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Macon public safety pension board back to five members

After months of operating with four members, the Macon Fire and Police Employees Retirement System is back to five members.

The board voted 3-0 Thursday afternoon to accept Lynn Wood, a financial adviser and assistant vice president at SunTrust Investment Services. Board member Danny Angelo was not present. Neither was Wood, who sent word that he had an unavoidable previous commitment, board Chairman Charles Jones said.

But Jones and board member Charlie Bishop said they had already talked to Wood, and they found him to be a good candidate. The board had several previous candidates but several times had deadlocked 2-2, with each side saying they didn’t quite trust someone endorsed by the others.

According to Wood’s résumé, he has been at SunTrust since November 2010, but he has worked at bank and investment firms in the area for the previous five years.

He’s a 2004 Mercer University graduate with a bachelor’s degree in education.

He ran his own real estate business, L.T. Wood Enterprises, while in college.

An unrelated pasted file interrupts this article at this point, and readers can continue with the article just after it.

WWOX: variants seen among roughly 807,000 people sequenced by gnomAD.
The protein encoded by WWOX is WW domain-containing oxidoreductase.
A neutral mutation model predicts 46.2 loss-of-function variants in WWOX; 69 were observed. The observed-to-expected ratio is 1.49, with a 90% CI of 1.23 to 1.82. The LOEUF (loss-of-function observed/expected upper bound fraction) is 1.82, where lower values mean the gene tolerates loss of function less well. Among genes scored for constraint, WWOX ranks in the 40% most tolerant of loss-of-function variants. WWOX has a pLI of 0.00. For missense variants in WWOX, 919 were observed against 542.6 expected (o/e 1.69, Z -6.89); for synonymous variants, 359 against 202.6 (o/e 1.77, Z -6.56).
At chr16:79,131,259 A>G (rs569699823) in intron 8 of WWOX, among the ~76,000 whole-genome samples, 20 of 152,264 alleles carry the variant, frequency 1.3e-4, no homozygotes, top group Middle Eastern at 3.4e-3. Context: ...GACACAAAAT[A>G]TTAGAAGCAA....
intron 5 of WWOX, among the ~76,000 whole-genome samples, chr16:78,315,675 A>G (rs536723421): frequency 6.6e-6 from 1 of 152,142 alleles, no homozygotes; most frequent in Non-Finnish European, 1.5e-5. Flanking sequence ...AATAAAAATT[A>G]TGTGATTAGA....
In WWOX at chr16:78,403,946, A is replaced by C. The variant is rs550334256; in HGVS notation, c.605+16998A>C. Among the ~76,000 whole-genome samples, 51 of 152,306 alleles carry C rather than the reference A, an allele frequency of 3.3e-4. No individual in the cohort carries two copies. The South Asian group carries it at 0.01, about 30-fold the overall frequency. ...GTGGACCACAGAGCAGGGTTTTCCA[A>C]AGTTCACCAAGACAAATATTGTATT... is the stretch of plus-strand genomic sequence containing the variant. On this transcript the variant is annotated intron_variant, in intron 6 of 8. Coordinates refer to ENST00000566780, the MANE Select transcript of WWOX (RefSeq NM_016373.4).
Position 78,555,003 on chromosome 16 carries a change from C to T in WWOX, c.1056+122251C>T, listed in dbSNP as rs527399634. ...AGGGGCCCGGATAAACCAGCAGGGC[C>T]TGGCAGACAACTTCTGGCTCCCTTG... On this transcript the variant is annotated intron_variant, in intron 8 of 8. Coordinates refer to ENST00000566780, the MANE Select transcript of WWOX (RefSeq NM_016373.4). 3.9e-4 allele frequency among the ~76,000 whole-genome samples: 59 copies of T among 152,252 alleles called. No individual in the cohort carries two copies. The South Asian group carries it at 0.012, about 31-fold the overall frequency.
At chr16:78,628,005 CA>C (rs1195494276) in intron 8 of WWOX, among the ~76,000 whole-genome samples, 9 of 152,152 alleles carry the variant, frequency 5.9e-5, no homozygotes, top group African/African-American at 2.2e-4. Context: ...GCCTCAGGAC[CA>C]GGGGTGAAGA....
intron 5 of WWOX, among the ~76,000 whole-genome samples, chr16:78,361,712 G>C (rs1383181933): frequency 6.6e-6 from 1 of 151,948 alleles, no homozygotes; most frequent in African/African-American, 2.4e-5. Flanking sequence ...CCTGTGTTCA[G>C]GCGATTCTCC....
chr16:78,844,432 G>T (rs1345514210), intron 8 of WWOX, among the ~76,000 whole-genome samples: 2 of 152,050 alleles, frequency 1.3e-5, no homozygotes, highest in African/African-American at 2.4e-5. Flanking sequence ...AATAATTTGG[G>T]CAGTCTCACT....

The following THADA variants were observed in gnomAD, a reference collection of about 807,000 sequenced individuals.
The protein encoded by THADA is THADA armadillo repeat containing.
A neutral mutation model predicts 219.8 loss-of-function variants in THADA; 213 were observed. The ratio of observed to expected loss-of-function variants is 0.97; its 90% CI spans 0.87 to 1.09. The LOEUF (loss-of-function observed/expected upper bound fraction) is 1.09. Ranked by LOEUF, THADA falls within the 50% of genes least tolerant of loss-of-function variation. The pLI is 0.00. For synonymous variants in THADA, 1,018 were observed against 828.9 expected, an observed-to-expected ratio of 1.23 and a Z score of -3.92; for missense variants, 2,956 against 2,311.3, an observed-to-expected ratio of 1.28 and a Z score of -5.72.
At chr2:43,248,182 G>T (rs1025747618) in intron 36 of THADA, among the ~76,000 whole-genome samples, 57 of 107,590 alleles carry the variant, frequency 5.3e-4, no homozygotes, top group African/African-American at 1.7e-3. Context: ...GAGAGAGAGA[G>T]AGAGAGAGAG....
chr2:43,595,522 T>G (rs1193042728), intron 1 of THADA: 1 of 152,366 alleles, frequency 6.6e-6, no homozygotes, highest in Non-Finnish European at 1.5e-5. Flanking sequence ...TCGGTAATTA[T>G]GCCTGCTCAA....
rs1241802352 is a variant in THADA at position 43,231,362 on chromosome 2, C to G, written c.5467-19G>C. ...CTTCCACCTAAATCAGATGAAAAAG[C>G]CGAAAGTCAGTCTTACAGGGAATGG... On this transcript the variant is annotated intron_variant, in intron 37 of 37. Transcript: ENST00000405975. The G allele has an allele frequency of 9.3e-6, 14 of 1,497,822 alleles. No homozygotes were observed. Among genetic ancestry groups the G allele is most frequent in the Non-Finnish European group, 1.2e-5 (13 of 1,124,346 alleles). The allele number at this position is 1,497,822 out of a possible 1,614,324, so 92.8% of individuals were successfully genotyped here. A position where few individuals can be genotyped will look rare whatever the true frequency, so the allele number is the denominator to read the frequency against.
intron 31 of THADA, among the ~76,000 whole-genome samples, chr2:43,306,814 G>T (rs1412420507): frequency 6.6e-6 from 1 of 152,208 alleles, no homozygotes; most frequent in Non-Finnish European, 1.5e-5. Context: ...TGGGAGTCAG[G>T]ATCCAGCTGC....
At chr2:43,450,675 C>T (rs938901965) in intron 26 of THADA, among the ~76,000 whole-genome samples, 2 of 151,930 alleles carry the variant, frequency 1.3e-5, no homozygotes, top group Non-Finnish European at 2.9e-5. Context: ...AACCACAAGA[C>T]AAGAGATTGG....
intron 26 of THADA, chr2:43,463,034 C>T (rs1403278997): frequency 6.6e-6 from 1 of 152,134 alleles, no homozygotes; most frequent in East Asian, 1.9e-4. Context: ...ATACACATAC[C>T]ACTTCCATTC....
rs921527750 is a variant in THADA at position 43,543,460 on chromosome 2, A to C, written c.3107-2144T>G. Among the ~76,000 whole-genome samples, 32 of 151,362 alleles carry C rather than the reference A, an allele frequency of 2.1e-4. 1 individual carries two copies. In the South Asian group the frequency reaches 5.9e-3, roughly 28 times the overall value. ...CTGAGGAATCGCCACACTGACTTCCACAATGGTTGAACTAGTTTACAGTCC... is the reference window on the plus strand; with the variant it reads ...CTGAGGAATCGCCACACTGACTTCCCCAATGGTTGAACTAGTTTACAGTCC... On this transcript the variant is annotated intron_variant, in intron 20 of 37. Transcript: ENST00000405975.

Pension contribution

Jones asked city staff when a recently approved allocation of $1.2 million will be going into the fire and police pension fund. Human Resources Director Ben Hubbard said he wasn’t sure. He hadn’t heard an update since Finance Director Tom Barber left last week for his new job as city administrator of Fairburn, but he promised to find out.

The contribution is meant to put the fund back in formal compliance with actuarial requirements. About a year and a half ago, the required city contribution jumped dramatically, but the city didn’t increase its monthly funding.

Another $2.4 million will need to be added to the fund in the next fiscal year, which starts July 1. But the city must also repay the past 17 months of underfunding.

Bishop said he wants to see a solid plan to catch up. The debt is accumulating penalties at the rate of 8 percent, and the city can borrow money to pay it off for far less interest than that, he said.

The city ordinance to add the $1.2 million calls, nonspecifically, for catching up financially over the next five years.

In November, Mayor Robert Reichert suggested finding cash quickly by selling the Willie C. Hill City Hall Annex and Macon City Auditorium, having them retrofitted for energy efficiency, and leasing them back for a number of years.

After that, the city would be obligated to buy the buildings once again. Internal Affairs Director Keith Moffett said last week that the idea is still being studied.

To contact writer Jim Gaines, call 744-4489.

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